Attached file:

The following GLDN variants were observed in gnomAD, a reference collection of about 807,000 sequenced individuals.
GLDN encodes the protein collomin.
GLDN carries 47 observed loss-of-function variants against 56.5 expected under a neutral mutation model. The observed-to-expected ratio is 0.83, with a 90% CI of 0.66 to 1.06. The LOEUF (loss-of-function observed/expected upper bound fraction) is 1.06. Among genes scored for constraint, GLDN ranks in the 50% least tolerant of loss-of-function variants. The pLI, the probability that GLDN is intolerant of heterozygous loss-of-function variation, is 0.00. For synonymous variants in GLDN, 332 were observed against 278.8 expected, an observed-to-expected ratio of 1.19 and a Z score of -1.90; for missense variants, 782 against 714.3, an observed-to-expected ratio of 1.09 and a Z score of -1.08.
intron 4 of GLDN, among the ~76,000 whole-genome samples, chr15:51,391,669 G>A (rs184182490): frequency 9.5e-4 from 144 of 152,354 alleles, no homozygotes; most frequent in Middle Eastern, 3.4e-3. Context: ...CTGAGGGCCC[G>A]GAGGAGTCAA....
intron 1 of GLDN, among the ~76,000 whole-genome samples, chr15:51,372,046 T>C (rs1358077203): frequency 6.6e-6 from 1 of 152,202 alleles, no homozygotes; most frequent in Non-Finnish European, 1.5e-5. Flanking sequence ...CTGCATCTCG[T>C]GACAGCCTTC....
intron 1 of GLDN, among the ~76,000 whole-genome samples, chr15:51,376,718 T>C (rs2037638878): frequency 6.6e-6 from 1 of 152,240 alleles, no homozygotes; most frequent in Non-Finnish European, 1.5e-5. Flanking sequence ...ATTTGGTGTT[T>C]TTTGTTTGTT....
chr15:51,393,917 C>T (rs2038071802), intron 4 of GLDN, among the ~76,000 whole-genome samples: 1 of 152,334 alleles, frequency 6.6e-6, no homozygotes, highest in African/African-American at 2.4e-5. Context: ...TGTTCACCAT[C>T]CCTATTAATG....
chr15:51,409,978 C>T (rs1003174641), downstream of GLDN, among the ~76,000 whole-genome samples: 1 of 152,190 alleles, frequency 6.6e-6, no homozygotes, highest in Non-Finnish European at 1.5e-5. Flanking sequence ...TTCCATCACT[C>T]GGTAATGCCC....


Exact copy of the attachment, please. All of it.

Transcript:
The following GLDN variants were observed in gnomAD, a reference collection of about 807,000 sequenced individuals.
GLDN encodes the protein collomin.
GLDN carries 47 observed loss-of-function variants against 56.5 expected under a neutral mutation model. The observed-to-expected ratio is 0.83, with a 90% CI of 0.66 to 1.06. The LOEUF (loss-of-function observed/expected upper bound fraction) is 1.06. Among genes scored for constraint, GLDN ranks in the 50% least tolerant of loss-of-function variants. The pLI, the probability that GLDN is intolerant of heterozygous loss-of-function variation, is 0.00. For synonymous variants in GLDN, 332 were observed against 278.8 expected, an observed-to-expected ratio of 1.19 and a Z score of -1.90; for missense variants, 782 against 714.3, an observed-to-expected ratio of 1.09 and a Z score of -1.08.
intron 4 of GLDN, among the ~76,000 whole-genome samples, chr15:51,391,669 G>A (rs184182490): frequency 9.5e-4 from 144 of 152,354 alleles, no homozygotes; most frequent in Middle Eastern, 3.4e-3. Context: ...CTGAGGGCCC[G>A]GAGGAGTCAA....
intron 1 of GLDN, among the ~76,000 whole-genome samples, chr15:51,372,046 T>C (rs1358077203): frequency 6.6e-6 from 1 of 152,202 alleles, no homozygotes; most frequent in Non-Finnish European, 1.5e-5. Flanking sequence ...CTGCATCTCG[T>C]GACAGCCTTC....
intron 1 of GLDN, among the ~76,000 whole-genome samples, chr15:51,376,718 T>C (rs2037638878): frequency 6.6e-6 from 1 of 152,240 alleles, no homozygotes; most frequent in Non-Finnish European, 1.5e-5. Flanking sequence ...ATTTGGTGTT[T>C]TTTGTTTGTT....
chr15:51,393,917 C>T (rs2038071802), intron 4 of GLDN, among the ~76,000 whole-genome samples: 1 of 152,334 alleles, frequency 6.6e-6, no homozygotes, highest in African/African-American at 2.4e-5. Context: ...TGTTCACCAT[C>T]CCTATTAATG....
chr15:51,409,978 C>T (rs1003174641), downstream of GLDN, among the ~76,000 whole-genome samples: 1 of 152,190 alleles, frequency 6.6e-6, no homozygotes, highest in Non-Finnish European at 1.5e-5. Flanking sequence ...TTCCATCACT[C>T]GGTAATGCCC....